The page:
A major sewer system upgrade is in the works for users in the City of Moab and Grand County including the construction of a new waste water treatment plant and a systematic replacement of aging collection lines.
To help pay for the improvements, a sewer rate increase of 20 percent was approved unanimously by the Moab City Council at their regular meeting on June 28. Moab City Manager Rebecca Davidson told the council that a household currently paying $16 a month would see an increase of about $3.
Davidson told the Moab Sun News that there would also be adjustments to impact fees, and a rate per gallon increase for haulers of septage including the Bureau of Land Management (BLM) and the National Park Service (NPS) to help pay for the improvements.
“Everyone is going to pay their fair share,” Davidson said. “This is not going to fall on the backs of residents.”
Davidson said that rate increases and impact fees are based on equivalency rates with the standard unit being a single family household. She said that a hotel room has a .8 equivalency rate of a single family home, which means that a 100 room hotel pays the equivalent rate of 80 single family homes.
Additionally, Davidson said the City of Moab is finalizing an agreement with Grand Water and Sewer Service Agency (GWSSA) that will allow the city to collect impact fees from new connections in Grand County.
General Manager of GWSSA Mark Sovine said that the new agreement was the first of its kind with the city and that they were “basically starting from scratch.”
Sovine said that a major difference under the new agreement would be that the sewer agency would own the current capacity that it is using, and that future capacity would be purchased through impact fees.
Sovine said that Grand County residents wouldn’t see a rate increase this year, but that rates were a “moving target.”
“My guess is they aren’t going to go down,” he said.
Davidson said that talk of doing a major upgrade to the city’s 60-65 year old plant has been going on for the last five or six years, but that in the last two or three years the discussion turned to building a new facility.
“When we looked at it we realized it was almost going to cost as much to do an upgrade as it was to build a new plant,” she said.
The new plant will come with an estimated price tag of $11 million, and is estimated to be completed by 2018 Davidson said.
The plant will be constructed on five acres of land adjacent to the old one, but on the south side of 400 N, and west of Stewart Lane. The city aquired the property from local landowner David Bonderman, under an agreement stipulating that the old facility will be torn down and the property be left as open space.
“That was really helpful to get a piece of property in the same area,” Davidson said. “It’s hard to find land in Moab.”
Davidson said the State of Utah has encouraged the city to take on the role of providing a regional sewer plant since they already provide treatment of waste water for residents of Grand County through the Grand Water and Sewer Service Agency (GWSSA), and treatment of septage from NPS and BLM recreation sites.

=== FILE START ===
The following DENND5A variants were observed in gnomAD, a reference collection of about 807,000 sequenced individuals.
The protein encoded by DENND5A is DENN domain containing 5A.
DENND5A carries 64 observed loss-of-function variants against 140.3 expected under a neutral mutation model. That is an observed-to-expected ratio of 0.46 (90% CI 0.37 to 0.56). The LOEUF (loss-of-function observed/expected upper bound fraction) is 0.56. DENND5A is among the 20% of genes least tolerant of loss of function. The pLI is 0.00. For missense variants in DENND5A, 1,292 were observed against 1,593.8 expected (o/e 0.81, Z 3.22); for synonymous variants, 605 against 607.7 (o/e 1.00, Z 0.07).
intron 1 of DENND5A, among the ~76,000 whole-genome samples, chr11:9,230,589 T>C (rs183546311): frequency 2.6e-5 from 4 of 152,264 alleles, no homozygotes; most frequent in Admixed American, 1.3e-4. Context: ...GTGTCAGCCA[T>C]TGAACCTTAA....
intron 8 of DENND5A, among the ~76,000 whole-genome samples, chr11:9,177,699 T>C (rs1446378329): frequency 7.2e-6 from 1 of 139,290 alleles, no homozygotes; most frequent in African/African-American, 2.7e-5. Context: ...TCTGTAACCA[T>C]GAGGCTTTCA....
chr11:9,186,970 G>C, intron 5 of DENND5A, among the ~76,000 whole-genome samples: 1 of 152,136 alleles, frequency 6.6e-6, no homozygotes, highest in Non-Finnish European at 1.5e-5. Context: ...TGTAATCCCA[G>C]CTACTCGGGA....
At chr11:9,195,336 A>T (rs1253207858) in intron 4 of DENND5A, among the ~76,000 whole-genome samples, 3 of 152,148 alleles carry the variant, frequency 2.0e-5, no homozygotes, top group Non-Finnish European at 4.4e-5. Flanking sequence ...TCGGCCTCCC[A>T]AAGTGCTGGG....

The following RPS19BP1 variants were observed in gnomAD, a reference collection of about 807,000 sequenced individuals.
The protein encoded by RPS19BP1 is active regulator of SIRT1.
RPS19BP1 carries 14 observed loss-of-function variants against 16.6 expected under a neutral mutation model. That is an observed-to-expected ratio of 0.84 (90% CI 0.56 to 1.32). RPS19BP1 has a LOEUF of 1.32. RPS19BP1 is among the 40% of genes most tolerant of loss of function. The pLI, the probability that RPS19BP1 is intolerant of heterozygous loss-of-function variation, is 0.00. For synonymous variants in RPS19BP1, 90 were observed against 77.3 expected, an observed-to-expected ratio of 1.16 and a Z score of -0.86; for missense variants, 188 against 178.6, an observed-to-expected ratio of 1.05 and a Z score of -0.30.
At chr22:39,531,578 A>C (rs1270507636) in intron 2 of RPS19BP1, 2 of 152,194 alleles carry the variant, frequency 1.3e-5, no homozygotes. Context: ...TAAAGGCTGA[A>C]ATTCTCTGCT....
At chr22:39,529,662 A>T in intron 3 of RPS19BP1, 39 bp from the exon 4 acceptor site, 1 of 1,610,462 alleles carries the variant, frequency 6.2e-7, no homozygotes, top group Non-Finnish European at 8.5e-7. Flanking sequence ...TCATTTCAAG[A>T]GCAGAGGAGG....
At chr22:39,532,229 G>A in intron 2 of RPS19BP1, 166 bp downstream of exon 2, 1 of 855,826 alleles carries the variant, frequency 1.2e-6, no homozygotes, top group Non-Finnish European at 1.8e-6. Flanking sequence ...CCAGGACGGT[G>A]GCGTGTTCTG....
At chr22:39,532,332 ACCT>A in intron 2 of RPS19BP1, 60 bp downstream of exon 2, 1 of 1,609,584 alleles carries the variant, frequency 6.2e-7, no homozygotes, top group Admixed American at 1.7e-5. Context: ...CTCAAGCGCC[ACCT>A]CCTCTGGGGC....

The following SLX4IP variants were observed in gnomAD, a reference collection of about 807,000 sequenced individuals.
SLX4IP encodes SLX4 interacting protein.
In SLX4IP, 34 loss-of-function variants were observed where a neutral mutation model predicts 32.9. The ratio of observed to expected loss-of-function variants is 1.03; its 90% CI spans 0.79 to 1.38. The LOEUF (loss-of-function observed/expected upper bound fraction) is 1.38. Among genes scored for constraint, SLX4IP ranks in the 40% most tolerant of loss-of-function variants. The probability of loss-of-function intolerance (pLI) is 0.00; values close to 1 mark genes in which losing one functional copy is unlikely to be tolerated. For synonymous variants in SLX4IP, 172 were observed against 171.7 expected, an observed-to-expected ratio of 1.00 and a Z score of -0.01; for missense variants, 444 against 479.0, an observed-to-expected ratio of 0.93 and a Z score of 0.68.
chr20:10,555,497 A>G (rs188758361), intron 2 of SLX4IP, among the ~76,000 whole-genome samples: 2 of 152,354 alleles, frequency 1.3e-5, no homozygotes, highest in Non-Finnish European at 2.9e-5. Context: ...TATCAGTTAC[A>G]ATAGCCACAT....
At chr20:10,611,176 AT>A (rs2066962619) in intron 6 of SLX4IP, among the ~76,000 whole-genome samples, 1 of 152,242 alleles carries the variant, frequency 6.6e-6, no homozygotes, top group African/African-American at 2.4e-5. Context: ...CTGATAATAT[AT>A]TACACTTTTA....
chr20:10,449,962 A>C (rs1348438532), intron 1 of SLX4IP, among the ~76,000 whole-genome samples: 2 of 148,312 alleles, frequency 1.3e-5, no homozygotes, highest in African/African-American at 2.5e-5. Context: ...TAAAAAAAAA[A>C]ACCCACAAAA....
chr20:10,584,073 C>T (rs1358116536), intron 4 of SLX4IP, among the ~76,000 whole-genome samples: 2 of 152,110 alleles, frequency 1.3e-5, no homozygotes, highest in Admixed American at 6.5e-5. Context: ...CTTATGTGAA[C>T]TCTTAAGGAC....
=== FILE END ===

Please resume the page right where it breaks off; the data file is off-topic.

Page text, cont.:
The new plant will also have the capacity to accommodate future development in San Juan County at the south end of Spanish Valley she said.
City engineer Phillip Bowman said that the new plant would be able to process a waste flow of 1.75 million gallons a day, an increase of 250,000 gallons over the existing plant. He said the new plant will also be able accommodate a more concentrated waste stream which will increase its overall treatment capabilities.
Bowman said the new plant will be built with a 20-30 year lifespan, with plans for an addition that will add another 20 years.
Collection lines to be replaced
Other improvements to the sewer system include a systematic replacement of aging collection lines, many of which are 50-60 years old.
The first project will be the replacement of a section of trunk line on 400 N in front of the aquatic center, between Emma Blvd. and the west edge of Hellen M. Knight Elementary School.
Bowman said excavation is scheduled to begin around July 18, and that the goal is to complete the project before school starts. He said traffic control would be in place to allow for both east and westbound traffic.
“We don’t intend to have any full closures during the project beyond having to close a section for possibly a day or a half day,” he said.
The next segment to be replaced will be a short section along U.S. Highway 191 and up Cermak Drive. Bowman estimated that project would be completed by Labor Day, after which crews will return to the north end of Mi Vida Dr.
Bowman estimated that replacement work would wrap up by mid-September.
Bowman said rate increases were going to make it possible to upgrade the aging system, and that they they were already looking toward 2017.
He said that the city was being pro-active in addressing problems, and that they were using a video camera to identify areas of critical concern.
“We’re actively trying to gain an understanding of the condition of our system,” Bowman said. “It’s not the most interesting T.V. to watch, but it’s very informative.”
Residents see rate increase of 20 percent
“Everyone is going to pay their fair share. This is not going to fall on the backs of residents.”